Tormentil is a delicate relative of cinquefoil that forms straggling mats of fine stems, deeply-divided leaves and small, yellow 4-petalled flowers from June to September. It is a typical component of heathy grassland that is found throughout Britain, and can still be seen locally on Poor's Allotment. Once a common species of traditional dry pastures and meadows in the lowlands, it cannot withstand farming intensification, because it cannot compete with the vigour of fertilised herbage, nor intensive grazing.
A century ago, tormentil was common in woods and on heaths and dry banks. In 1948 it was common in heaths, meadows and woods.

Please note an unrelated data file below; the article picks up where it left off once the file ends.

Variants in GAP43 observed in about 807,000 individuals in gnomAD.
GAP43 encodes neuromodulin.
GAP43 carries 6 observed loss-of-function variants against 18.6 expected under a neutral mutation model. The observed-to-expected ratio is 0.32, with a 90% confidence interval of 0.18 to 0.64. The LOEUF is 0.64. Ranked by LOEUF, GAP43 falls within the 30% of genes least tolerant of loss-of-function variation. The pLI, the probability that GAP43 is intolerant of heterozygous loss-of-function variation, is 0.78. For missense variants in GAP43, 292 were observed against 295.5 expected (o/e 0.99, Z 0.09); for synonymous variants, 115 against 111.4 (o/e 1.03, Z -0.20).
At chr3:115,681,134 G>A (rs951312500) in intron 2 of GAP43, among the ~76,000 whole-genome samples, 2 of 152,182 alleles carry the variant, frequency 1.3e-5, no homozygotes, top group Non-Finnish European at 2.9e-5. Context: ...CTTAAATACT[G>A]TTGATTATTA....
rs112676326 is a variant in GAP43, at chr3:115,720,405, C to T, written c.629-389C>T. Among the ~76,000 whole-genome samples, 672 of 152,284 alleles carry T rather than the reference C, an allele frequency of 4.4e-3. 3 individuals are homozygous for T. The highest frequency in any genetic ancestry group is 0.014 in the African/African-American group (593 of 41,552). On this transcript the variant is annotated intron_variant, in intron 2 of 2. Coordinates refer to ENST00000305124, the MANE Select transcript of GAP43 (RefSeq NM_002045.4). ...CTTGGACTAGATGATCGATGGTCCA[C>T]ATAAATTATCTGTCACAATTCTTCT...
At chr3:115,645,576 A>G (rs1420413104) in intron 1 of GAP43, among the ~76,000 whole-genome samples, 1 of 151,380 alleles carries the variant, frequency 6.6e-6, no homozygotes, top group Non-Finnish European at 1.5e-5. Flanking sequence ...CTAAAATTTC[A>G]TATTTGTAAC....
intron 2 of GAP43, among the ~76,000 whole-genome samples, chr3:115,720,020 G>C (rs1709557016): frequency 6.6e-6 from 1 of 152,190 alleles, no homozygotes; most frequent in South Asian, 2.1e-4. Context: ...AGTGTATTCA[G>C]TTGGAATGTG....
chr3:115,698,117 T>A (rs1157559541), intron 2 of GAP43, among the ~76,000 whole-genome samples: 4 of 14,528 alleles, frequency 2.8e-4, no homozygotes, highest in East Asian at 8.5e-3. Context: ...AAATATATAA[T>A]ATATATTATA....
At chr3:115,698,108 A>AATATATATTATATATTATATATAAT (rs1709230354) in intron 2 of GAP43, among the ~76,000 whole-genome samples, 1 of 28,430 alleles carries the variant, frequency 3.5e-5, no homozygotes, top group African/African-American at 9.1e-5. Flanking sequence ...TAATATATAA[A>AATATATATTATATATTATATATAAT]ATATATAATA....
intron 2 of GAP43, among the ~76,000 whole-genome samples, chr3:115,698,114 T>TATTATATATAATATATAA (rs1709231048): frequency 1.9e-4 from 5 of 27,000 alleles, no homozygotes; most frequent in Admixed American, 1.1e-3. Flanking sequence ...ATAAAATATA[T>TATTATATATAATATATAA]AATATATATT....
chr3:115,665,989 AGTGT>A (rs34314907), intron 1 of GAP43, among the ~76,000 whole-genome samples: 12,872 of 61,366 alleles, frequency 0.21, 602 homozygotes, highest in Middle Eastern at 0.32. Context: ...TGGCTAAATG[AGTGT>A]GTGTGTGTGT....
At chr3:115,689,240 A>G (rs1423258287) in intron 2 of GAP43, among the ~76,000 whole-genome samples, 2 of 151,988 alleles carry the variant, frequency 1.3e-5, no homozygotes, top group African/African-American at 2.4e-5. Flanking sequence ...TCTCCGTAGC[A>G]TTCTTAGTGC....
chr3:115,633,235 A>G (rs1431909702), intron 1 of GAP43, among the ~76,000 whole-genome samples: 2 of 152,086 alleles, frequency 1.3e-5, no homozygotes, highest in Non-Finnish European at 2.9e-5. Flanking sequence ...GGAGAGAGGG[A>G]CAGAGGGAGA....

Today, our map shows it to be very thinly scattered indeed, and that it has seemingly gone from places where it grew recently. The populations I have seen myself on the slopes below Madgetts and on the Nedge are very small, and only just hanging on below rampant bracken and ungrazed grass. The only reasonably robust population is on the woodland edge near the Polish Chapel. In short, this appears to be a species in rapid decline due mainly to lack of grassland management.
- Steep decline over the last century, which is continuing.
- With only small patches remaining, tormentil could easily become extinct in the parishes within the next few years.